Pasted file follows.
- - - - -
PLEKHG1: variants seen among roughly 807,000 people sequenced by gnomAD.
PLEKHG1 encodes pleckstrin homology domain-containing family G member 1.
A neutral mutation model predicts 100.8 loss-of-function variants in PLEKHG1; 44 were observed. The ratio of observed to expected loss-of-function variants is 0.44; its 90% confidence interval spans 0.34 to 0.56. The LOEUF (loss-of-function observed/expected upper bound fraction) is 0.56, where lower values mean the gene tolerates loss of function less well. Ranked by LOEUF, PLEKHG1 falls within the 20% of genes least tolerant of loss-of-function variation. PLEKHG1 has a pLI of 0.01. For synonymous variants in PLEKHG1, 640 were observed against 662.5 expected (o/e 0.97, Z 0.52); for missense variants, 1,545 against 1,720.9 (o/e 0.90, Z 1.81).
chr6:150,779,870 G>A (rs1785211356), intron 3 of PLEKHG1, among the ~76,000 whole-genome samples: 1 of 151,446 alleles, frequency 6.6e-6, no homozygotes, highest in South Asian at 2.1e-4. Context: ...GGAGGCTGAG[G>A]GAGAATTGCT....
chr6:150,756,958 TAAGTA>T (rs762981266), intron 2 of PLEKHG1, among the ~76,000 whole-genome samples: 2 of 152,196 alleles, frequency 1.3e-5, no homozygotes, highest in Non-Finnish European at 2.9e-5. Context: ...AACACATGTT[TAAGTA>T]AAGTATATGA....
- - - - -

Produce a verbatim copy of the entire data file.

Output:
PLEKHG1: variants seen among roughly 807,000 people sequenced by gnomAD.
PLEKHG1 encodes pleckstrin homology domain-containing family G member 1.
A neutral mutation model predicts 100.8 loss-of-function variants in PLEKHG1; 44 were observed. The ratio of observed to expected loss-of-function variants is 0.44; its 90% confidence interval spans 0.34 to 0.56. The LOEUF (loss-of-function observed/expected upper bound fraction) is 0.56, where lower values mean the gene tolerates loss of function less well. Ranked by LOEUF, PLEKHG1 falls within the 20% of genes least tolerant of loss-of-function variation. PLEKHG1 has a pLI of 0.01. For synonymous variants in PLEKHG1, 640 were observed against 662.5 expected (o/e 0.97, Z 0.52); for missense variants, 1,545 against 1,720.9 (o/e 0.90, Z 1.81).
chr6:150,779,870 G>A (rs1785211356), intron 3 of PLEKHG1, among the ~76,000 whole-genome samples: 1 of 151,446 alleles, frequency 6.6e-6, no homozygotes, highest in South Asian at 2.1e-4. Context: ...GGAGGCTGAG[G>A]GAGAATTGCT....
chr6:150,756,958 TAAGTA>T (rs762981266), intron 2 of PLEKHG1, among the ~76,000 whole-genome samples: 2 of 152,196 alleles, frequency 1.3e-5, no homozygotes, highest in Non-Finnish European at 2.9e-5. Context: ...AACACATGTT[TAAGTA>T]AAGTATATGA....